"Where can I find dried figs?" asked my friend Dave, a freelance writer, who called me in the middle of the work day for the very important business of filling his shopping cart. I secretly love it when my friends ask me food related questions, and was even happier when I immediately knew what he was planning to do with those dried figs. It's amazing to think about how something as simple as reading a recipe can send us marching like gourmet lemmings in search of the same ingredients. Mark Bittman's Sprouts with Figs and Bacon recipe, featured in the New York Times about a week ago, and surely bookmarked by hundreds, is appealing on so many levels. I've never cooked with dried figs, but since they have all the qualities that make a perfect kitchen staple: uncommon, dried, and cheap, I'm ready to welcome them into my kitchen. Brussels Sprouts are among my favorite vegetables and I'm always looking for new ways to prepare them. And then, of course, there is the bacon. Bacon makes everything taste good.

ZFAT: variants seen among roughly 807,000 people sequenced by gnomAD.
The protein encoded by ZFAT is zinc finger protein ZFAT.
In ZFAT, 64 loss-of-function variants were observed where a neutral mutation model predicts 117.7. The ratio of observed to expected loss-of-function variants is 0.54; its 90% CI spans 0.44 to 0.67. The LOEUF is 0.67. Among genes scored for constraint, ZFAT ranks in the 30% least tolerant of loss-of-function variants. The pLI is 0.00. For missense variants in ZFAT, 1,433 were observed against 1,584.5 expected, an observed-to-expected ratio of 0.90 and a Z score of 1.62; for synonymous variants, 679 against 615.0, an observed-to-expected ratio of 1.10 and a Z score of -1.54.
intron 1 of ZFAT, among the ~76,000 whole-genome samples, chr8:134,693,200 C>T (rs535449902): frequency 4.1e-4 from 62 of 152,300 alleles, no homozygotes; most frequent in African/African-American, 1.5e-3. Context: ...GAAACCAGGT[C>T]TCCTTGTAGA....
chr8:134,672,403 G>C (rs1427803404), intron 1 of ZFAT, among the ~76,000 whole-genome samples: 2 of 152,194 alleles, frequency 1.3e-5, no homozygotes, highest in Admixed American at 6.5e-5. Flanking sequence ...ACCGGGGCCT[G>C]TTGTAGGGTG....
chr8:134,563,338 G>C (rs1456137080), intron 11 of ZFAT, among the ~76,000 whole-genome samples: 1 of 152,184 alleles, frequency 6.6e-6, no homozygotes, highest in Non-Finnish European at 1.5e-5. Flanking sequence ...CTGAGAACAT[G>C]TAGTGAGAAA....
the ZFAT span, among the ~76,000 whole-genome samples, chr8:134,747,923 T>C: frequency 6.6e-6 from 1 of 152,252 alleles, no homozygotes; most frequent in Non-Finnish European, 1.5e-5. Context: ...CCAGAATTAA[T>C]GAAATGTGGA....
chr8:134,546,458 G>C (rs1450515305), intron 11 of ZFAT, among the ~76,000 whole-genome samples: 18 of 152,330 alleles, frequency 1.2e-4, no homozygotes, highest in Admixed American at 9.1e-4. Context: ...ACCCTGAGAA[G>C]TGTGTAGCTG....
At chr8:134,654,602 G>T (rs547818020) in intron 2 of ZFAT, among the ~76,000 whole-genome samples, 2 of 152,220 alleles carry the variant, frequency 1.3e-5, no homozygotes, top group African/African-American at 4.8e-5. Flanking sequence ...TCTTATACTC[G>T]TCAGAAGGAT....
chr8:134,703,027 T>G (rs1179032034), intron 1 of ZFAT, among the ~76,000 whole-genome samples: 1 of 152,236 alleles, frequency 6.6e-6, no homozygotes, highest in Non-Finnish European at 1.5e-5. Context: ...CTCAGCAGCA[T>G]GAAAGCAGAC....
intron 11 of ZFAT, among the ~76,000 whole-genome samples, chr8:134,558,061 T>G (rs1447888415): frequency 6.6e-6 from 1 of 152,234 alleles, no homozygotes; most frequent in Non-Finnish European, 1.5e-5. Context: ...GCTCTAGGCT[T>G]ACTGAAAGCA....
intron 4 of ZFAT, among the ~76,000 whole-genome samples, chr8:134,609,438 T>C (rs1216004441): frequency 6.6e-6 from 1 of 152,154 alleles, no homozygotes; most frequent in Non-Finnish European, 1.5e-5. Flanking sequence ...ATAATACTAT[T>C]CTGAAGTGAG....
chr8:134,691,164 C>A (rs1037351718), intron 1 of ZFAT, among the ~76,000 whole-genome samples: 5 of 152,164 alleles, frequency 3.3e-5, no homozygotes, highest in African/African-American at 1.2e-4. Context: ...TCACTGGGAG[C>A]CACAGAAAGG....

So after telling Dave to check the produce section and the dry goods bins, I made a mental note in my head to try the recipe myself. I found my dried figs at Whole Foods from the dry goods bins (cheap at .83 cents), where Marcus, with misplaced authority, tried to convince me that dates were the same as dried figs. That one scored high on the wrong-o-meter. Oh, sure, I know that dates and figs are two totally different fruits, but, at great risk of revealing my ignorance to the online community, I'll tell you what I didn't know: Brussels Sprouts grow on long stalks. Imagine me at the farmer's market, standing in front of the sprouts (still on stalks) with my mouth gaping open. That's what I looked like when I realized that I could fill twenty football fields with the things I don't know about food.
But enough about what I don't know. As these photos show, today I made Bittman's fall hash for lunch, and it was just as he says, an "autumn sonata." Everything in life is a lesson, and the next time I make this dish (and it was good enough to make again) I will do a few things differently, starting with reducing the amount of dried figs. One cup of figs created a dish that was too sweet for my taste. I found my self searching for the salty bacon. The balsamic too, increased the sweetness of the dish, so reducing that by a little bit could help. Other than that I would say this dish would make a lovely side to that turkey you are planning to make soon.